Fair enough. There’s definitely a place for this sort of hardcore skating sim within the genre (not to mention the simulation genre itself) and we can totally see how getting stuck in here could be very rewarding as you overcome obstacles and improve to the point where you begin to master your environment. At least that would be the case if it weren’t for the fact that this is a game — and especially in its Switch form — that compounds the frustration of failure and repetition with blurry visuals that make reading terrain more difficult than it should be. Bland urban environments lack any sort of joy or spark. Dull mission structures feature a bunch of mute NPC characters who serve only to dish out the next list of tricks to conquer. And then there are the aforementioned controls, which could benefit from much more refinement given how much punishment Session: Skate Sim expects you to put up with.
Yes, as much as we’re ready and willing to endure the trials and tribulations required here, it all feels like a little bit too much of a headache, too much of an uphill struggle when faced with technical shortcomings and a total lack of atmosphere or enthusiasm to keep you coming back for more. The three sandbox playgrounds you’ve got to explore, New York, Chicago, and Philadelphia, are certainly big enough and provide plenty of scope to experiment but — and you can see this very easily from our screenshots, really — on Switch they're just far too low res, blurry and bland to make us want to explore them.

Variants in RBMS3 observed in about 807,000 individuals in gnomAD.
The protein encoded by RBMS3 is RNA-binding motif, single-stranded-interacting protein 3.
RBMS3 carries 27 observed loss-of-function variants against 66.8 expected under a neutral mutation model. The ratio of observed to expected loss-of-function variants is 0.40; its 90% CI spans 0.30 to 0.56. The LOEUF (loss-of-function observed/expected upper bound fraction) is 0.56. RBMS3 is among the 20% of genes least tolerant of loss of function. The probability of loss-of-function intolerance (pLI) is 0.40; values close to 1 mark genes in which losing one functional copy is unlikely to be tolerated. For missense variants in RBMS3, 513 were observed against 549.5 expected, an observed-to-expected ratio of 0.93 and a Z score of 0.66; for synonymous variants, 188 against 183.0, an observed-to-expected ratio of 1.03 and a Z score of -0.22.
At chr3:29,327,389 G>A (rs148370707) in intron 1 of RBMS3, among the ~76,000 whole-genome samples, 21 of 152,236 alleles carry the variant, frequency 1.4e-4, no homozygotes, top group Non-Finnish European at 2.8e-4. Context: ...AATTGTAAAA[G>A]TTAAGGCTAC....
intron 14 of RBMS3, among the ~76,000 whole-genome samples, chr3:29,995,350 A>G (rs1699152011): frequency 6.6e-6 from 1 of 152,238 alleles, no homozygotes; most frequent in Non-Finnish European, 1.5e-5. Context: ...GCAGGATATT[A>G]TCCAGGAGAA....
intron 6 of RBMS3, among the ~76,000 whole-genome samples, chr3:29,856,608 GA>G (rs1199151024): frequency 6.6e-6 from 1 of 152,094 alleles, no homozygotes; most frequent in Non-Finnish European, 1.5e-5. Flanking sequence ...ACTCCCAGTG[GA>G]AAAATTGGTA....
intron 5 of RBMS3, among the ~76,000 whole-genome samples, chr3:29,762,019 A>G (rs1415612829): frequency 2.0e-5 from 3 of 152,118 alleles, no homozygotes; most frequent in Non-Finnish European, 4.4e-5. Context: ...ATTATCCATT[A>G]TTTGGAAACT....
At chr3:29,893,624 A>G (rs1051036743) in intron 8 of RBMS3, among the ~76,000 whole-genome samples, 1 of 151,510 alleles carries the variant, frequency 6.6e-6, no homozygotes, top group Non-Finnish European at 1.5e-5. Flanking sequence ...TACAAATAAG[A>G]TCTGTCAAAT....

Even excusing the visuals, there are also mechanical issues and bugs to deal with. You'll come to a stop at kerbs for no reason, grind to a halt whilst rolling over gratings, automatically jump out of a crouched position without having moved your thumbstick and often find your character falling over on the street for no real reason at all. Honestly, we spent the first few hours blaming ourselves for a lot of this stuff but, as we grew more accustomed to the controls, it became apparent that there are underlying issues here. Even just performing a simple ollie up or down a few steps can be an excruciating procedure when the combination of blurred visuals and clunky controls get in your way.
Once you start getting into more technical stuff, well, we can see people giving up in the early tutorial stages as they struggle to land out of tricks into manuals that require perfectly precise movements of the thumbsticks when it's so hard to read what's going down on the screen. We also had issues with certain missions which designate a small area in which they want you to pull off a set number of tricks but then fail to register you performing these tricks unless you skate a precise, unmarked line within the area they assign. It's hugely frustrating stuff when you're already struggling just to wrap your head around the inputs required to do the moves.